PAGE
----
Snowden's Big Brother isn't as Orwellian as you'd think

Secrets & lies: Spies & GCHQ

Intelligent flash storage arrays

Sunlight is the best disinfectant

GCHQ as seen on Google Earth

GCHQ: Quis custodiet ipsos custodes?

More generally, the Snowden files confirm that government surveillance powers and practices need curbing. Both US and UK governments are now undertaking reviews but while the leaks have vividly demonstrated what such surveillance means, its theoretical extent has been obvious for many years. The internet lends itself to mass, rather than targeted, surveillance: while it would be very hard to open every letter, it is often easier to collect digital material indiscriminately rather than specifically.

In some ways, the documents have been oddly reassuring about the behaviour of the agencies, such as GCHQ collecting sexy web-chats only to worry about human rights and saving its staff from an eyeful. But that doesn’t let it off the hook completely. Should it work so closely with the NSA that an American can walk off with many of its secrets? Is the wiki which held the material on OPTIC NERVE the right kind of system for a secret organisation?

If GCHQ had engaged with the media over the last year – and even the NSA has done, a little bit – it might reply that sharing information internally and with its international partners is of great benefit. In most technologically-driven organisations this would be a statement of the obvious. The trouble is, GCHQ is a secret technologically-driven organisation – and that increasingly looks like an oxymoron.

Most big organisations, as well as muzzling rather than welcoming whistleblowers, find it hard to change direction. Like Nineteen Eighty Four, GCHQ is a creation of the Second World War: a time when it was possible to do secret things and expect them to stay that way. It seems all too possible that GCHQ has never quite recovered from its success in breaking the Nazi Enigma encryption machines at Bletchley Park and instinctively wants to repeat it by finding ways into supposedly unbreakable systems, then keep the break secret.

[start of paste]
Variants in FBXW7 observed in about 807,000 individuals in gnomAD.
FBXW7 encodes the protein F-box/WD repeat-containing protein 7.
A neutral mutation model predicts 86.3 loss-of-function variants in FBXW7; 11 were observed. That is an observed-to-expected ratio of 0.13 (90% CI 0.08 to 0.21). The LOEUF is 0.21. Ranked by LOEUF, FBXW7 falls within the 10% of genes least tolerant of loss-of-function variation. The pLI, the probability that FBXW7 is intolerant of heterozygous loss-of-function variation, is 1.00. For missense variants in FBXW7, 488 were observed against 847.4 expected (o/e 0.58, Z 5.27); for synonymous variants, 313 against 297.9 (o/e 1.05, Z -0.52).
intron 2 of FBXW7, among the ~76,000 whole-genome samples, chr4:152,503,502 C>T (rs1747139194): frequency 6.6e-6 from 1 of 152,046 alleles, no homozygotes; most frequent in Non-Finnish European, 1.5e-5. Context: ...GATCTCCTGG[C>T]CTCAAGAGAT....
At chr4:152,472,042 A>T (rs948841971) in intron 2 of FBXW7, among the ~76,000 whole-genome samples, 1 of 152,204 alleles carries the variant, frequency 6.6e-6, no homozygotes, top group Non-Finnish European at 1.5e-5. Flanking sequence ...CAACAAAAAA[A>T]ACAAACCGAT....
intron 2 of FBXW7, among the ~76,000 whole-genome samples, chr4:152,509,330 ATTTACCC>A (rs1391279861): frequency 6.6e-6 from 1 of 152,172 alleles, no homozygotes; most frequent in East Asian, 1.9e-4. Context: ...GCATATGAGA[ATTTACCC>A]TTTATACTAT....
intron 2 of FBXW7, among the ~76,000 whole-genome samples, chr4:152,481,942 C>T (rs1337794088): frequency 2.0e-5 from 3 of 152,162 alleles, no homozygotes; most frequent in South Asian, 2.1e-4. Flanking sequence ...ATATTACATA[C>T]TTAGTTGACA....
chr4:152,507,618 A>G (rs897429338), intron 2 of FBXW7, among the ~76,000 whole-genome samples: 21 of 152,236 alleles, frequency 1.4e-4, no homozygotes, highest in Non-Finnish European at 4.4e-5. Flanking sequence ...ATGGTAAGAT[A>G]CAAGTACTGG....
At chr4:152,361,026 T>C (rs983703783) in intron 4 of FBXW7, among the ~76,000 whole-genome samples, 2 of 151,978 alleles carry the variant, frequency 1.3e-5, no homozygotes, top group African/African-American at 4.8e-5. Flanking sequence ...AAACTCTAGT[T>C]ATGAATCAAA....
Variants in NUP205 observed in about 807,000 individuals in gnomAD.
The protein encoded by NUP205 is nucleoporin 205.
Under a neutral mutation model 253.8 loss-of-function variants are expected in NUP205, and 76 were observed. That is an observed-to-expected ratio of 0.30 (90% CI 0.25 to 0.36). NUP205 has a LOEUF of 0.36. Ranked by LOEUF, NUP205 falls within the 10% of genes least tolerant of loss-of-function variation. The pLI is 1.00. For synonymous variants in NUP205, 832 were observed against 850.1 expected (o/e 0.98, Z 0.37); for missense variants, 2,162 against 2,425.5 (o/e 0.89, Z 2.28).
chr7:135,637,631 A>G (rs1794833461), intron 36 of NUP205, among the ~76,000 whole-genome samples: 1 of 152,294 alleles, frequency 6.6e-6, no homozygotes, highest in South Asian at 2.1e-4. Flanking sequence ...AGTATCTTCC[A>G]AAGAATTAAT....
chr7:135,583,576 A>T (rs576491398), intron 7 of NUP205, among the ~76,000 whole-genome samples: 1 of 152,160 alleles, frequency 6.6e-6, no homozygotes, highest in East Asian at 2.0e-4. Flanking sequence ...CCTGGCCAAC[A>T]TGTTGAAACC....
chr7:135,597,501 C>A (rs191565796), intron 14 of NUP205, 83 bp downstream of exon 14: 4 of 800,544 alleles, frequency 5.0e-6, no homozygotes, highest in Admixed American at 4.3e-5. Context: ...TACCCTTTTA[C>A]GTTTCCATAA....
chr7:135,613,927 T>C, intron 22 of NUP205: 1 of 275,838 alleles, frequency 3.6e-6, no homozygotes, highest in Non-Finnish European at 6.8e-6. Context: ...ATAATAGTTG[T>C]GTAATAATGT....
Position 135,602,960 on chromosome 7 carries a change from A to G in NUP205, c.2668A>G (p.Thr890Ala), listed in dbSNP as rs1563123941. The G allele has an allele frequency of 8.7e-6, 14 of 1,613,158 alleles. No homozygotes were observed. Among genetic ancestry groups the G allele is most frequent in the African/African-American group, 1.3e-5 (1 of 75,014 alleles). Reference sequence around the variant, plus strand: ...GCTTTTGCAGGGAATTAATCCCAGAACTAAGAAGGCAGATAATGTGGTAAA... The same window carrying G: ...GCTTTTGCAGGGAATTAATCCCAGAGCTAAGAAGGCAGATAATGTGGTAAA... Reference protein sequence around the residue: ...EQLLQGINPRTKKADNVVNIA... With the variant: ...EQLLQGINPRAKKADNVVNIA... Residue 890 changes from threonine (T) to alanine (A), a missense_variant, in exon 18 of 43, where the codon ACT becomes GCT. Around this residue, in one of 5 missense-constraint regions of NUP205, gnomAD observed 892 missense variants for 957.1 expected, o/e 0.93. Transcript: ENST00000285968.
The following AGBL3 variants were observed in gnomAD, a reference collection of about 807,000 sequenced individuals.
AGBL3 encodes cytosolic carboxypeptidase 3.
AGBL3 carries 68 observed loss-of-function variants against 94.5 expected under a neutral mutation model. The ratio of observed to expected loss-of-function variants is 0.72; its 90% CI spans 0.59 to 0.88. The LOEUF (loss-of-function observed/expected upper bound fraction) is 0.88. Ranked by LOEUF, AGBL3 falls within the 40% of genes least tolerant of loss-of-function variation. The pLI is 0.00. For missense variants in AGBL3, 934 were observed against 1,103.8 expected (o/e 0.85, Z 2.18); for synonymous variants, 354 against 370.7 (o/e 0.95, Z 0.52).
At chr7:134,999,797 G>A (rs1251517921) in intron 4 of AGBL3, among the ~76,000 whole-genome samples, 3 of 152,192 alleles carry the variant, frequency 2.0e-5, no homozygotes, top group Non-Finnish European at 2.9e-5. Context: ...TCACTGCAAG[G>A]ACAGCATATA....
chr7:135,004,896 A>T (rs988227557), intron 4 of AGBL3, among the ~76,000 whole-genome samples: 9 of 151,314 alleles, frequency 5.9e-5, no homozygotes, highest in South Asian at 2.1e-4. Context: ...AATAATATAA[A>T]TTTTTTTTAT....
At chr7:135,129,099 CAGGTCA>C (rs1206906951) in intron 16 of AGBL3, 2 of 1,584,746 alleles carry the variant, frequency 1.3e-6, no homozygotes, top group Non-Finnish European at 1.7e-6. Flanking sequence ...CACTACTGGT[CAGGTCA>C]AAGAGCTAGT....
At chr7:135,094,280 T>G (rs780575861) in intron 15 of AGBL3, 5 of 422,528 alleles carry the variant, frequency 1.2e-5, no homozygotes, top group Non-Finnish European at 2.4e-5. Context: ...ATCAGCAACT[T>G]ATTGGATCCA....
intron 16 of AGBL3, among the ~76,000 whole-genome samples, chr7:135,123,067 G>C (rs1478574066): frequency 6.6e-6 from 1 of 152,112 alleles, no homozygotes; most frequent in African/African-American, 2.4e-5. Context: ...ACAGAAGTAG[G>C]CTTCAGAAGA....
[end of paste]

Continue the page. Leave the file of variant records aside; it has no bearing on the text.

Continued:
Internal security is a job for the police

Yet as previously argued, a strategy that made sense during total war is actively damaging for an agency undertaking what in some cases is close to police work. It also clashes with the open approach of most techies, people that GCHQ has to attract and retain.

Companies that fail to change generally go out of business, while state sector organisations are swayed by elected representatives and the media. GCHQ has not been subject to these pressures, but even so it has been edging out of the shadows in recent years, with its own website, public recruitment and sponsorship of competitions.

Later this year, relative outsider Robert Hannigan will take over as GCHQ’s director general. He should go much further than his predecessors in opening up the agency: boast about GCHQ’s work, demand greater parliamentary scrutiny and run open days (and I suggest the latter not just because I want to go look around the snoopers' HQ). He should consider offering to transfer GCHQ’s domestic surveillance work to the National Crime Agency, or at least provide much greater transparency over its methods, including disclosure of their use in court. He should also ditch the agency’s name, "Government Communications Headquarters," a long-blown Second World War cover story.

Edward Snowden’s disclosures have already spurred the US government into modest reforms of the NSA. If they push GCHQ, its controlling politicians and managers in the same direction, then a complicated and no doubt flawed American whistleblower will end up doing what his critics argue he has done, in assisting the intelligence service of a foreign country. But the country in question will be Britain, not Russia. ®

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